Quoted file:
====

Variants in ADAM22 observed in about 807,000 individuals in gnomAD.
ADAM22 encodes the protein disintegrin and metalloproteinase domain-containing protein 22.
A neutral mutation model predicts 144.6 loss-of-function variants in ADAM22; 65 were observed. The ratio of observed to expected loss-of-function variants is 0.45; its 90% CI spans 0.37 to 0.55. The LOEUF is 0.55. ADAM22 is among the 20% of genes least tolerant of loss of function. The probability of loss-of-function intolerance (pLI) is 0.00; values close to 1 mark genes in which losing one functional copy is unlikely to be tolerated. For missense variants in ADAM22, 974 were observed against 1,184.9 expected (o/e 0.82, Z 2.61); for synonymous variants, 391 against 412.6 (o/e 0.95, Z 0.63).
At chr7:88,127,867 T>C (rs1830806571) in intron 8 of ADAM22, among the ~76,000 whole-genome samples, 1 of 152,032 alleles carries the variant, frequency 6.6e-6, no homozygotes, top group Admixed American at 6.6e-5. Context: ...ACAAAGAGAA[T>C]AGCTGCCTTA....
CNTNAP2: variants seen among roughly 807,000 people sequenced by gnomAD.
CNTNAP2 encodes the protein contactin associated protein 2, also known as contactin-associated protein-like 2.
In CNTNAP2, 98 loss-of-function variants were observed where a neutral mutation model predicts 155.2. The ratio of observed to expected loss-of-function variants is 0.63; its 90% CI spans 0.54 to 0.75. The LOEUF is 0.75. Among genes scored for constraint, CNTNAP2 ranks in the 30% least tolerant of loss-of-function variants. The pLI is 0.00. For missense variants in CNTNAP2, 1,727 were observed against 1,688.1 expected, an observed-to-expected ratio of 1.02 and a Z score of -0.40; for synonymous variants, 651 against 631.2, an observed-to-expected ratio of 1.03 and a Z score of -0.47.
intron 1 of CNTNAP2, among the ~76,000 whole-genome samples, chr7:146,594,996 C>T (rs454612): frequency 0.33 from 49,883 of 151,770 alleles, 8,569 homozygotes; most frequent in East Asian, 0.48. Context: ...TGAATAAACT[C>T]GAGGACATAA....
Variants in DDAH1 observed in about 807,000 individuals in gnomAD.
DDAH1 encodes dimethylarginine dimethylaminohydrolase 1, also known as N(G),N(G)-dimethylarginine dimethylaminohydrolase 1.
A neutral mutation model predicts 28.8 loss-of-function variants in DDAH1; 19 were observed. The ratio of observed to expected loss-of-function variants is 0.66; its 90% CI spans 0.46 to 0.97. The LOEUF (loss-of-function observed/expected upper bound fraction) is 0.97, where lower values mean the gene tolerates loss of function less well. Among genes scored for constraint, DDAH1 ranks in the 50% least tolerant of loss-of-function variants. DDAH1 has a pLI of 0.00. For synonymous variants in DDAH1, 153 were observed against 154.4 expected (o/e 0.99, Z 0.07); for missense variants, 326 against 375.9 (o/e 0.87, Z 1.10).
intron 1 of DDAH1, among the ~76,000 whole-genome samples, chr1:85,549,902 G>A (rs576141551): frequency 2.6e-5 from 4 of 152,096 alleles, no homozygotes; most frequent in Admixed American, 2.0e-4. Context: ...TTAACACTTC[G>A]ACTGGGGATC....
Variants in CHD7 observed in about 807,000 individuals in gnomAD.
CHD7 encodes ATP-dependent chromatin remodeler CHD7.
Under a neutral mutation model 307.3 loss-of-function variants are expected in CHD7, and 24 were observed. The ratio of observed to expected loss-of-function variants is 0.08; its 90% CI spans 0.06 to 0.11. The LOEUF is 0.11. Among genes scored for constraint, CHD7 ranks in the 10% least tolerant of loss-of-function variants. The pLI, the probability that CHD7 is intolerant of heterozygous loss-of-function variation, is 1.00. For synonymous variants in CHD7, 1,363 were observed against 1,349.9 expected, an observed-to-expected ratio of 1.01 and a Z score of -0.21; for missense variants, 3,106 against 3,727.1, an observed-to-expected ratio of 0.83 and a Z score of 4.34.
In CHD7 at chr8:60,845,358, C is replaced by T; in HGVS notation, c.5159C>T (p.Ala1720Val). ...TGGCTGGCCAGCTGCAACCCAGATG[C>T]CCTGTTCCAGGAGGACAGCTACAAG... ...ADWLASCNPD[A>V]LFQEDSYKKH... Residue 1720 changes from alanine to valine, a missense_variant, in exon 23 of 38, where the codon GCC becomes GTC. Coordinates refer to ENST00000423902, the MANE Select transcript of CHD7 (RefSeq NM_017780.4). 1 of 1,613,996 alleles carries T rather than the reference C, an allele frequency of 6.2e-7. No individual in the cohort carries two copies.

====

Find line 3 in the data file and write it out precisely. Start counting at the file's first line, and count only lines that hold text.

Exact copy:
A neutral mutation model predicts 144.6 loss-of-function variants in ADAM22; 65 were observed. The ratio of observed to expected loss-of-function variants is 0.45; its 90% CI spans 0.37 to 0.55. The LOEUF is 0.55. ADAM22 is among the 20% of genes least tolerant of loss of function. The probability of loss-of-function intolerance (pLI) is 0.00; values close to 1 mark genes in which losing one functional copy is unlikely to be tolerated. For missense variants in ADAM22, 974 were observed against 1,184.9 expected (o/e 0.82, Z 2.61); for synonymous variants, 391 against 412.6 (o/e 0.95, Z 0.63).